How to Keep a Dog in an Apartment That Does Not Allow Dogs
It is generally a good idea to find an apartment that accepts your pets. You could potentially get evicted and charged for any damages if you sneak a dog into your apartment. However, if you're in a bind and have no other options, sometimes it's necessary. First and foremost, work on keeping your dog quiet. If your landlord hears your dog barking, you will be found out. Second, make sure your landlord does not see your dog. Be careful to keep him or her away when the landlord is around. Be prepared for consequences. It's very difficult to hide a dog longterm, and you may end up owing your landlord some money if you get caught.
Keeping Your Dog Quiet
Eliminate any motivation for barking.If you want to keep your landlord from discovering your dog, you need to keep it quiet. Start by removing any motivation for barking. Try to observe when your dog barks and work on eliminating anything that encourages the behavior.
- For example, if your dog barks at pedestrians, keep your blinds closed. If your dog tends to bark when you play music, avoid playing music in your apartment.
- Many dogs bark at the door if the doorbell rings or someone knocks. Try discouraging your guests from knocking or ringing the doorbell. Explain the situation to them so they understand why this is necessary.
- Neutering your dog will make him/her calmer.
Ignore barking whenever possible.It is probably not always possible to ignore barking, especially if you're trying to hide a dog from your landlord. If your dog is barking loudly when you're home, you will probably need to keep it quiet right away. However, dogs may see your attention as a reward. Whenever possible, ignore the barking as this can help discourage the behavior.
- If your dog starts barking, do not even look at the dog. Turn your back to it and ignore the behavior until the dog quiets down. As soon as your dog gets quiet, reward it immediately. You can give your dog a treat and praise.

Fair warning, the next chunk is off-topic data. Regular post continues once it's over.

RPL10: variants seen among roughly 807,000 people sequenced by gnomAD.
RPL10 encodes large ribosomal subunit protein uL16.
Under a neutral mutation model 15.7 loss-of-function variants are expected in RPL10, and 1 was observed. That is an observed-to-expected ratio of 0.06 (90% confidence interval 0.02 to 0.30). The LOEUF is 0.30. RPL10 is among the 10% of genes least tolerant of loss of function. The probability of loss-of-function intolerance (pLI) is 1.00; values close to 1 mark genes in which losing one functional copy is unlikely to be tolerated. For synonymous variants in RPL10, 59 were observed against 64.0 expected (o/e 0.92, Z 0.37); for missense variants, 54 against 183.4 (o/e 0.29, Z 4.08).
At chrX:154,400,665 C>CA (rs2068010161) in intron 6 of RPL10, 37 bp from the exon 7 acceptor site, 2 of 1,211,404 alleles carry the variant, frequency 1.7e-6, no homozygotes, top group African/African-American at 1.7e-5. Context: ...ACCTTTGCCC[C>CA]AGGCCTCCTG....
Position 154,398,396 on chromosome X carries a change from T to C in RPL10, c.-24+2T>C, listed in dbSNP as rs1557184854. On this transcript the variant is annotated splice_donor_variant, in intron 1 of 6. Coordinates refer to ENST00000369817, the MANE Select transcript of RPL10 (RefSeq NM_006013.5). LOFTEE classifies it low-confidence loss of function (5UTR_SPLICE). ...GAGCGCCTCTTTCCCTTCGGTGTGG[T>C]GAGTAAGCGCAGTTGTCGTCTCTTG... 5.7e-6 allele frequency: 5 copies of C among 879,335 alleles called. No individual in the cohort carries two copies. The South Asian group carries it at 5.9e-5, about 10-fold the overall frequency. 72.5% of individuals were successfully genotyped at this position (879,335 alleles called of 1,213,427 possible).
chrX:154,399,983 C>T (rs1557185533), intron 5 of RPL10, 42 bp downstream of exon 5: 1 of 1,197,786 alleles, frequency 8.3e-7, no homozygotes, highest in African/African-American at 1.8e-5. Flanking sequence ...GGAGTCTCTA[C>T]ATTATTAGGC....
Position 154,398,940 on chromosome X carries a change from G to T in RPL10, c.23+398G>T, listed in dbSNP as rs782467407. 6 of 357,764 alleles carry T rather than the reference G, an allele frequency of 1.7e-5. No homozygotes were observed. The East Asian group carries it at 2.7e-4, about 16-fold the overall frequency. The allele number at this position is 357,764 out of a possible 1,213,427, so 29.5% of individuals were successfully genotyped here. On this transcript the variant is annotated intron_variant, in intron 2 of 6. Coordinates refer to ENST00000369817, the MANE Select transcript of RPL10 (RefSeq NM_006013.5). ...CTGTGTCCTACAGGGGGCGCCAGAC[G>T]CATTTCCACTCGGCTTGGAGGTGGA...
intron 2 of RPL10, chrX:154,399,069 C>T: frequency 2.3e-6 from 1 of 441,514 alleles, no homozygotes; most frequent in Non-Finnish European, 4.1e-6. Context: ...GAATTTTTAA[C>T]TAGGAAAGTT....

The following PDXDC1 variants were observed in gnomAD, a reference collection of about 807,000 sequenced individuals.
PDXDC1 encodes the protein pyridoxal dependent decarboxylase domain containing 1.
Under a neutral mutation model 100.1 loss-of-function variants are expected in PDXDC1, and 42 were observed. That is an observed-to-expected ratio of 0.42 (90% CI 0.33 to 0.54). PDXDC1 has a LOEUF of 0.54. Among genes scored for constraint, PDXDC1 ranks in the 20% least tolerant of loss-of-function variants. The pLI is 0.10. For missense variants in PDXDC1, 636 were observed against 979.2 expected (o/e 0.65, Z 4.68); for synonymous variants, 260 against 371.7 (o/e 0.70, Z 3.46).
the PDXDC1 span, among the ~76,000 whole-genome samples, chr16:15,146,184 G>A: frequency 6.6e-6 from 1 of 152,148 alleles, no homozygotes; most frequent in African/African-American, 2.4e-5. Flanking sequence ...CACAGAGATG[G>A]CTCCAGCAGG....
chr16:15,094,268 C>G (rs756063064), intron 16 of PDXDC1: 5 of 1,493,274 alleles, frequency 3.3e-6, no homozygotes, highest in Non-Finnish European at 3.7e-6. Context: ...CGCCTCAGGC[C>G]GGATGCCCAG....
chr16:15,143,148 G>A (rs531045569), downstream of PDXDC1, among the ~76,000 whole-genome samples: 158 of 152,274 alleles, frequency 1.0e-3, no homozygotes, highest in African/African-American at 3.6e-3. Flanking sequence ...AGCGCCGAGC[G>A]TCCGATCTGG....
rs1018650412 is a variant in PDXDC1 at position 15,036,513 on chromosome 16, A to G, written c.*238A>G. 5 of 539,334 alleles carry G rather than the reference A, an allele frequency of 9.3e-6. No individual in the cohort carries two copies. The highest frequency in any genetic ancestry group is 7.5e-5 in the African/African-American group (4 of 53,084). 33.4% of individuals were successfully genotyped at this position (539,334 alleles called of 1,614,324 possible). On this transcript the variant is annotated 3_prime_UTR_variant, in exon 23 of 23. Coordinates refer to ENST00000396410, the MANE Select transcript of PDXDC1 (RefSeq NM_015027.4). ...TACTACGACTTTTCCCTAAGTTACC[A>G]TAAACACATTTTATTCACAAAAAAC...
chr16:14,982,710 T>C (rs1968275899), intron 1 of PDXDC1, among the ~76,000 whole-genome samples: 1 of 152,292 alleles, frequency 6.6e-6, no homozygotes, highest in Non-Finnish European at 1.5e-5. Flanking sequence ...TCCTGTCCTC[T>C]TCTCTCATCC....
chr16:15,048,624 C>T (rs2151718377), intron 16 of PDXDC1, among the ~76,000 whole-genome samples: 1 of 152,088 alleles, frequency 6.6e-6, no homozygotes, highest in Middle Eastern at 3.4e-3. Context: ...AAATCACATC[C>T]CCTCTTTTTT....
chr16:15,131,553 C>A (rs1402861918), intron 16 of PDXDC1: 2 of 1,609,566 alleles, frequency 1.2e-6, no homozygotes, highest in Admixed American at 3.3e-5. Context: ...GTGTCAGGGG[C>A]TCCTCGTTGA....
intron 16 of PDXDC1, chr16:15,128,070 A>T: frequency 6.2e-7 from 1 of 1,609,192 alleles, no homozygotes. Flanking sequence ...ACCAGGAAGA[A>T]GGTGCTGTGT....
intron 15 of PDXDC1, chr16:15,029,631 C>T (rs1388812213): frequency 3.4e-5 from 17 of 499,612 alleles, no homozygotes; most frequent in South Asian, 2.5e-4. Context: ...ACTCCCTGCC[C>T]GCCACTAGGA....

- Once your dog learns it is being rewarded for keeping quiet, lengthen the amount of time the dog needs to stay quiet before receiving a reward.
- Again, this method is best used outside your apartment. Try to ignore your dog's barking when out on walks or visiting a friend.
Desensitize your dog.Dogs may bark if they get nervous or frightened easily. If your dog tends to bark in response to particular stimuli, work on de-sensitizing your dog to that stimuli.
- First, identify what makes your dog bark. For example, maybe your dog barks in response to UPS trucks. Many dogs perceive the UPS driver as an intruder.
- Start exposing your dog to the stimuli at a distance. For example, take your dog to a post office where trucks are parked. Have your dog look at the trucks from across the street. Feed it treats so it associates the truck with happy moments.
- Repeat this multiple times. Learn when you can expect the UPS truck to drive by your home. Feed your dog treats each time the UPS truck drives by, and stop as soon as the truck is gone.
- With time, your dog should stop barking in response to a UPS truck. This may take time, however. You will have to give it a few weeks or months.
Teach the quiet command."Quiet" can be taught as a command. You will first have to teach your dog to "Speak." You can do this by saying "Speak" and encouraging barking. Reward the barking when it occurs in response to a command. Once your dog knows "Speak," it can learn "Quiet."
- Bring your dog somewhere away from your apartment to teach this command. Say "Speak" and allow your dog to bark.
- When your dog starts barking, say "Quiet." When it stops barking, reward it. Repeat until your dog knows it should stop barking when it hears "Quiet."
- You can use the quiet command when your dog gets noisy in your apartment. If a car goes by and your dog barks, say "Quiet." If your dog barks in response to the doorbell ringing, say "quiet."
Preventing Your Landlord from Seeing the Dog
Walk your dog frequently, but time it carefully.Dogs may make more noise and commotion if they're not getting enough exercise. Make sure to play with your dog and walk it regularly.
- With a smaller dog, you may be able to adequately exercise it through playing games in your home. Be careful, however, if you live on an upper floor, especially if you live without carpeting. You may want to lay a rug down to muffle the noise of your dog's paws.
- Walk your dog frequently, but be careful where you walk your dog. You will have to take the dog out an exit where you're unlikely to run into neighbors or your landlord. For example, sneak your dog out back. You may want to only walk your dog late at night, and use something like a newspaper or a training pad for your dog to its business during the day.
Keep the dog somewhere else when your landlord is over.You should have a game plan in the event your landlord visits. Have a friend or family member to call who can take the dog for a day. You do not want the landlord to see your dog and figure out what is happening.